Khuram Butt, Rachid Redouane and Youssef Zaghba killed at least seven people and critically injured more than 50 before they were fatally shot at the scene by officers eight minutes after their violent rampage began. Here's what we know about them so far:
Khuram Shazad Butt, known as Abu Zaitun or "Abs," was on the radar of counter-terrorism investigators before carrying out the attack but was deemed as a “low priority,” the Associated Press and the British Times report.
The Pakistan-born Brit, 27, is thought to have been married with two children, a baby and a three-year-old. He was living in Plaistow, in east London, at the time of the attack. Neighbors of Butt's told MailOnline that Butt was run over outside his house in east London aged around eight, breaking his teeth and leaving his leg badly damaged.
Butt's neighbors also said that he had previously worked for a branch of the fast food chain KFC, as well as London transport operator Transport for London (TfL). TfL confirmed to The Guardian that he had worked as a trainee customer services assistant for six months last year. It is thought that Butt was working at Westminster tube station, meaning he had access to tunnels underneath Parliament.
Dan Kitwood—Getty Images
Butt was an avid weightlifter, but staff at the all-Muslim Ummah Fitness Centre gym, where he trained, said in a letter that they saw nothing of concern during his time there, adding that they would "help the police in any way [they] can."
In January 2016, Butt appeared in a Channel 4 documentary called The Jihadis Next Door, in which he was seen posing with the ISIS black flag in Regent’s Park in central London. He was detained by police for an hour over the stunt, which happened in 2015, but was released without being arrested. Butt was also seen nodding as he listened to a sermon, with the speaker saying: "This is not the real life, my dear brothers. This is a passing time for us."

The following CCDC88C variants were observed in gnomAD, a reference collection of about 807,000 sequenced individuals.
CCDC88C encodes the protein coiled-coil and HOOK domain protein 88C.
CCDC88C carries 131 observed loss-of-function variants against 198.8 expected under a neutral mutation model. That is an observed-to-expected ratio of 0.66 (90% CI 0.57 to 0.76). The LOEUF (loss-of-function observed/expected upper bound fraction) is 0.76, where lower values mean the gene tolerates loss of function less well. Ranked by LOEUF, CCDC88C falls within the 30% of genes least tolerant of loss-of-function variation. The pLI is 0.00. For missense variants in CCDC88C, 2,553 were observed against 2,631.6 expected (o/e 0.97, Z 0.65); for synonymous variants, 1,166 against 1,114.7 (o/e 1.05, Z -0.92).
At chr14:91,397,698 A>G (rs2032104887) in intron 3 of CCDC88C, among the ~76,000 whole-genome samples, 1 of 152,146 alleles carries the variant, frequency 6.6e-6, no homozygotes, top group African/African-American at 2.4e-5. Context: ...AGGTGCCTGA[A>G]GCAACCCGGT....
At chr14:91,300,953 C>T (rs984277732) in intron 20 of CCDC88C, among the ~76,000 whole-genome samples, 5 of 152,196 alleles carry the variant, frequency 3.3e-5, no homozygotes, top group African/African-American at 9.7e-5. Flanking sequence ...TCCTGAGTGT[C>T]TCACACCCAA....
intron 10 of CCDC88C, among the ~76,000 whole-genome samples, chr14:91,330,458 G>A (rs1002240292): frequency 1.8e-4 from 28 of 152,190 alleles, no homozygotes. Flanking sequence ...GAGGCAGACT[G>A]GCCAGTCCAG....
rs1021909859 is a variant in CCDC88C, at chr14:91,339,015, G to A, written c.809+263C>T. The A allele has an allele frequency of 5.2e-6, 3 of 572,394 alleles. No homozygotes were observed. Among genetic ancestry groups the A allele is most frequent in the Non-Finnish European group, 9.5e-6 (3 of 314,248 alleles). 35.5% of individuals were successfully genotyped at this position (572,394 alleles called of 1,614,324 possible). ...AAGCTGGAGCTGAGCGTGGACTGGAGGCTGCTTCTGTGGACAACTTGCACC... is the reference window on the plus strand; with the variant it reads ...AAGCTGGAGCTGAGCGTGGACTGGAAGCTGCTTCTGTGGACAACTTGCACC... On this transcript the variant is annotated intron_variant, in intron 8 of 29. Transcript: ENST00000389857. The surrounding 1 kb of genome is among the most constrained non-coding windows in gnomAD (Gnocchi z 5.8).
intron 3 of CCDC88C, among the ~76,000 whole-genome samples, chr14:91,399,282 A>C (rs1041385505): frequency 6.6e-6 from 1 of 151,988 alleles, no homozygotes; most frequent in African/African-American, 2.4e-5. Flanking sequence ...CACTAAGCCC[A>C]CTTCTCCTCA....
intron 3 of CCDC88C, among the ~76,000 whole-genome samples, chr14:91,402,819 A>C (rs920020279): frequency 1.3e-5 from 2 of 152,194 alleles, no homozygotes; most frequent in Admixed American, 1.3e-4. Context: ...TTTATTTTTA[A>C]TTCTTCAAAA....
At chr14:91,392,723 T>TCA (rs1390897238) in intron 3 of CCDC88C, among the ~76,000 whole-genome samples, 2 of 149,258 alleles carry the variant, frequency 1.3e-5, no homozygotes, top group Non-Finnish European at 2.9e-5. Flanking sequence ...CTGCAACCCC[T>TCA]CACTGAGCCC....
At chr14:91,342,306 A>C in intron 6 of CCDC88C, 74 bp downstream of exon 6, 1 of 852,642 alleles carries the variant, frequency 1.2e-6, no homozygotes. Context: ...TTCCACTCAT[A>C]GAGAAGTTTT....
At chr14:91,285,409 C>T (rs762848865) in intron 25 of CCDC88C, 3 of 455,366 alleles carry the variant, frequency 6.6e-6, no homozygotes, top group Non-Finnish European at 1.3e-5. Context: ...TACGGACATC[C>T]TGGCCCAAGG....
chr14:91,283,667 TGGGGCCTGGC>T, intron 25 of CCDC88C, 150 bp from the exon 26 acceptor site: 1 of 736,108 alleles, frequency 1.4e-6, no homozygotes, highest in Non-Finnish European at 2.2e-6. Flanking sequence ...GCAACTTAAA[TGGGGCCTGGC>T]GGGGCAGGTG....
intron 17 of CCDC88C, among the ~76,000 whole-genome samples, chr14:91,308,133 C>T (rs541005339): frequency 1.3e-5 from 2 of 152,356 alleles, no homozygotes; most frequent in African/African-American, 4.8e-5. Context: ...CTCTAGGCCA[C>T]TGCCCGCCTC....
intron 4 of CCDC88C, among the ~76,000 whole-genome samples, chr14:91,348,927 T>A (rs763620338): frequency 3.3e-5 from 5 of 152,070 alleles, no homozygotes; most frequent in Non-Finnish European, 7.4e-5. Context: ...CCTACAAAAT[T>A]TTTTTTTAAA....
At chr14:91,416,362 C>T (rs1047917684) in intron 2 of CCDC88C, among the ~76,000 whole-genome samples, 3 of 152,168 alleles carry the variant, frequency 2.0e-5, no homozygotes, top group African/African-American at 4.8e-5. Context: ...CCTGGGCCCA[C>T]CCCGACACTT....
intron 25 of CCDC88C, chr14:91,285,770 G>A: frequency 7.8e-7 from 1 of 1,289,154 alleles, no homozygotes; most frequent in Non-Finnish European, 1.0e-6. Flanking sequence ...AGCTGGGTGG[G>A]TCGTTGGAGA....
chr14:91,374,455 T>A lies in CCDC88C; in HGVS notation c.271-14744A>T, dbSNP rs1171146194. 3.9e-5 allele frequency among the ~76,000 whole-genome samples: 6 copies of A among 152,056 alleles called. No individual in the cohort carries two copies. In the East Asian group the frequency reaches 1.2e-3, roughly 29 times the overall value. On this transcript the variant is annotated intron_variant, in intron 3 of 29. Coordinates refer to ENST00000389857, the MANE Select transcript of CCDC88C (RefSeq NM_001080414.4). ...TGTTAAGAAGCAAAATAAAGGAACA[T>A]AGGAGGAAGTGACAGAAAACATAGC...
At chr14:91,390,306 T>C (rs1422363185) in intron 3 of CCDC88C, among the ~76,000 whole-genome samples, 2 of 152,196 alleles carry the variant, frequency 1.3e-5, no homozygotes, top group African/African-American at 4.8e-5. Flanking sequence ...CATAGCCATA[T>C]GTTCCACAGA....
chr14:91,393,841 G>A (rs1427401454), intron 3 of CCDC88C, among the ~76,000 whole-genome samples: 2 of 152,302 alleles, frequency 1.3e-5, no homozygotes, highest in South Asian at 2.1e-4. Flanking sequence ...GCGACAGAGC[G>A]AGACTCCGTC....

Butt was associated with the banned extremist group al-Muhajiroun, whose leader, Anjem Choudary, was jailed in 2016 in relation to recruiting more than 100 British terrorism suspects. The group has been connected with the fertilizer bomb plot thwarted in the U.K. in 2014, as well as the killing of British soldier Lee Rigby in a London street in May 2013.
Around a year and a half ago, Butt's neighbor, Erica Gasparri, contacted the police because she was concerned that he was trying to radicalize local children. "It was wrong what he was doing," she told the AP. "He kept talking about the Islamic State. I got very angry." Another neighbor told the AP that Butt had once been kicked out of a local mosque for interrupting an imam.
On Tuesday morning, The Telegraph reported that Butt's relatives' home in the Pakistani city of Jhelum, 60 miles south east of Islamabad, had been searched by plain clothes officers. Officials at the scene told the paper that it was suspected that Butt had been radicalized in the U.K., rather than Pakistan, but they were searching relatives' houses as a precautionary measure.
Police identified the second attacker as Rachid Redouane, 30, who also used the surname Elkhdar, according to the AP. Authorities say Redouane claimed to be both Moroccan and Libyan. He worked as a pastry chef in Ireland, where he lived for much of the past five years, though he also spent some of that time in the east London suburb of Dagenham, AP reports. He was never under surveillance by Irish authorities.
Redouane married a British woman, Charisse O'Leary, with whom he had a daughter. The couple are believed to be separated, AP reports, and O'Leary was among the 13 people detained soon after the attack. She was one of 12 who have been released without charge; one man remains in custody.
Italian media identified the third attacker as Youssef Zaghba, the 22-year-old son of Moroccan and Italian parents.
According to the Italian publication Corriere della Sera, Zaghba was stopped in 2016 when trying to catch a flight to Turkey, before travelling to Syria. The Italian intelligence agency had reported his presence and his trips to both the Moroccan and British authorities, the publication reports. The newspaper states that Zaghba was working in a seasonal job in a London restaurant and had visited Italy as recently as 2016.
AP reports that Zaghba had told authorities who stopped him last year at Bologna's airport in Italy that he "wanted to be a terrorist" before correcting himself. Bologna prosecutor Giuseppe Amato said "We did everything we could have done, but there weren't elements of proof that he was a terrorist. He was someone who was suspicious because of his way of behaving."
Zaghba's mother also told Italian news magazine L'Espresso that her son had expressed a desire to go to Syria "because it was a place where you could live according to a pure Islam."
This is a developing news story and will be updated.